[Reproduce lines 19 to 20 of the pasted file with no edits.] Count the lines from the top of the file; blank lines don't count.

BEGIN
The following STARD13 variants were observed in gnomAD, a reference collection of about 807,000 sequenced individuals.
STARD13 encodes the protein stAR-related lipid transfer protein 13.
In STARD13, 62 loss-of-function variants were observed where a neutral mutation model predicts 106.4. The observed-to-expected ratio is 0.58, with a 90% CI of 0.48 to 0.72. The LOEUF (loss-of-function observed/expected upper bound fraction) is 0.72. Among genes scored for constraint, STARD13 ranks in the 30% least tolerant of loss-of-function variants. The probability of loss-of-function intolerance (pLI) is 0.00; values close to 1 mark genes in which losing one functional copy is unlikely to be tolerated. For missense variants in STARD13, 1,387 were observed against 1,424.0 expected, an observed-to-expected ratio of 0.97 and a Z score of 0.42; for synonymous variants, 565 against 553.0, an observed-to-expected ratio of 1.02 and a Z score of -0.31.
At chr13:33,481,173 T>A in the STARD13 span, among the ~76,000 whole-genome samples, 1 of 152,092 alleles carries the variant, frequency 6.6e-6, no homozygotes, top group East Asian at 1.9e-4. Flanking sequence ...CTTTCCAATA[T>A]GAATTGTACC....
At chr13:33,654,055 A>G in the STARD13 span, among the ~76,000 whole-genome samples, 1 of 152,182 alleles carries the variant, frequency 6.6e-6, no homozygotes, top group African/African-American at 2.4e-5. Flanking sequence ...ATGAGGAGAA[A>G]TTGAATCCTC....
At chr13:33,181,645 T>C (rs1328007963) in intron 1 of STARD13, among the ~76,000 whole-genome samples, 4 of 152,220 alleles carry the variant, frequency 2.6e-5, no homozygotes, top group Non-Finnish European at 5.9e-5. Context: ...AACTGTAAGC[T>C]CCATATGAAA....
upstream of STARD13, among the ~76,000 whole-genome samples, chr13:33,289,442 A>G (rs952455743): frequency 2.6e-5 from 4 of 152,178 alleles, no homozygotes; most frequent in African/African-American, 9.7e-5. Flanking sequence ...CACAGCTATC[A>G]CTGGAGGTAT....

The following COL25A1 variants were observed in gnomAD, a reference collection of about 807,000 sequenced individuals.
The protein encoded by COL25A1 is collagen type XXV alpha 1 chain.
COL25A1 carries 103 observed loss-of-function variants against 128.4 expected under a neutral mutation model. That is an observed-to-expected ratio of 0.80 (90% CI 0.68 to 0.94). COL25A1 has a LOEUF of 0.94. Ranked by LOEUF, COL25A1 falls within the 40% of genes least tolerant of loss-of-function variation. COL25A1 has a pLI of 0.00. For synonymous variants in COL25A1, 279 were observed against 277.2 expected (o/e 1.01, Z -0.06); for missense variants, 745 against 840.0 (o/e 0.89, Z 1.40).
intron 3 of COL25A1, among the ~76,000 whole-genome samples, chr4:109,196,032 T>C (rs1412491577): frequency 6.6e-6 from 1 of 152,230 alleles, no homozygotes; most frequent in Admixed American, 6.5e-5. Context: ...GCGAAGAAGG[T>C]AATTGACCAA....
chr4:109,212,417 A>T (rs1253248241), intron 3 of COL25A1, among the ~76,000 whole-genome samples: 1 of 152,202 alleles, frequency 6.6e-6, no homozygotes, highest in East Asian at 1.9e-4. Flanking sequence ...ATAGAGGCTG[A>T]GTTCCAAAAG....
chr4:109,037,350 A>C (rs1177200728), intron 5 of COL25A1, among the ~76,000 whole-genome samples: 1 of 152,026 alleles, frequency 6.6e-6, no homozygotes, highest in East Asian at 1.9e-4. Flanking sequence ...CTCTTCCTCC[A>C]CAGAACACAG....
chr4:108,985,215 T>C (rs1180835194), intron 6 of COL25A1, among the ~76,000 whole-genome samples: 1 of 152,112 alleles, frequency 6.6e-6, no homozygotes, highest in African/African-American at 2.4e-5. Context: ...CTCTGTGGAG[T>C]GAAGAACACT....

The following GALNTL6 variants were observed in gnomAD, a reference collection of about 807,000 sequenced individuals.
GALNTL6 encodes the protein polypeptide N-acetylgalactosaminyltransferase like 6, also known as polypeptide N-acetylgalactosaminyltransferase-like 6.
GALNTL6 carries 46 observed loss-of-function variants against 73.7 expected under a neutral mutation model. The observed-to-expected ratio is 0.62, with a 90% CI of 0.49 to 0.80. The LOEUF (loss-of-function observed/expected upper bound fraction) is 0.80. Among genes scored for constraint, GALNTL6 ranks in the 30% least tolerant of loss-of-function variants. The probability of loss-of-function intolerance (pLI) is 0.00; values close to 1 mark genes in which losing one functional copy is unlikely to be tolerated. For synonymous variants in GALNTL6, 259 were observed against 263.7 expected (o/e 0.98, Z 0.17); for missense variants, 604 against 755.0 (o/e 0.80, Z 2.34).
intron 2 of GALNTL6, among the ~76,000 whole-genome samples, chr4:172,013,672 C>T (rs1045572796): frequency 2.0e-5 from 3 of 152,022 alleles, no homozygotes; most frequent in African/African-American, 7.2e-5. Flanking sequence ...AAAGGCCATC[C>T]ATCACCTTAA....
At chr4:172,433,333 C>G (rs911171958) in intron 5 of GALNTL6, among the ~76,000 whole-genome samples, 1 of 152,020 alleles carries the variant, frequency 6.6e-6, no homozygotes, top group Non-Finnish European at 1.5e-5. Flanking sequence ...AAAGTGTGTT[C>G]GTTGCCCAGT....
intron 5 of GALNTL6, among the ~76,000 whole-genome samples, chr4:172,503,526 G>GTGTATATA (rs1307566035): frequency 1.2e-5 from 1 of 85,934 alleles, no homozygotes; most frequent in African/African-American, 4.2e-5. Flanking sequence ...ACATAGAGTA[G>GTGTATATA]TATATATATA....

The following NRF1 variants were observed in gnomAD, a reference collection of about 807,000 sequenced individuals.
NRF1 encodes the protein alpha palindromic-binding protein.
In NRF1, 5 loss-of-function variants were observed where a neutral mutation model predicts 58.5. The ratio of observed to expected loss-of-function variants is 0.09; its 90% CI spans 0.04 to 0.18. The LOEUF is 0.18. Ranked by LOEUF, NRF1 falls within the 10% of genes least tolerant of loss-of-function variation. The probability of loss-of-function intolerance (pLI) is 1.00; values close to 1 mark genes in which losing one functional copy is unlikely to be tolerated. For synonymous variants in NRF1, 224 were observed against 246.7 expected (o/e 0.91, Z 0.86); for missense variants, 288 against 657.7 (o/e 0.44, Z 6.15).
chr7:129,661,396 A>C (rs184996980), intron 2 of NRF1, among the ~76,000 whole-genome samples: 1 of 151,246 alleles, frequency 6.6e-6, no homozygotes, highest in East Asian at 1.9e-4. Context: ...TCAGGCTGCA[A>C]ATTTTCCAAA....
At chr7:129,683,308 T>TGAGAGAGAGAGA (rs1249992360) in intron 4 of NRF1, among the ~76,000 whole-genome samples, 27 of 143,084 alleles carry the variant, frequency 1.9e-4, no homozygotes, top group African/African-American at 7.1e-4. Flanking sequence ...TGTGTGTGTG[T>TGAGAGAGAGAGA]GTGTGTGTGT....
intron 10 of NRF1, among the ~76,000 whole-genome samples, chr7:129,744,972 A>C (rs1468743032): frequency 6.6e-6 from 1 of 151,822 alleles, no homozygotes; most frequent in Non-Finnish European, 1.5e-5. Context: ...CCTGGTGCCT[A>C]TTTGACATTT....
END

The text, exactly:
At chr4:172,433,333 C>G (rs911171958) in intron 5 of GALNTL6, among the ~76,000 whole-genome samples, 1 of 152,020 alleles carries the variant, frequency 6.6e-6, no homozygotes, top group Non-Finnish European at 1.5e-5. Flanking sequence ...AAAGTGTGTT[C>G]GTTGCCCAGT....
intron 5 of GALNTL6, among the ~76,000 whole-genome samples, chr4:172,503,526 G>GTGTATATA (rs1307566035): frequency 1.2e-5 from 1 of 85,934 alleles, no homozygotes; most frequent in African/African-American, 4.2e-5. Flanking sequence ...ACATAGAGTA[G>GTGTATATA]TATATATATA....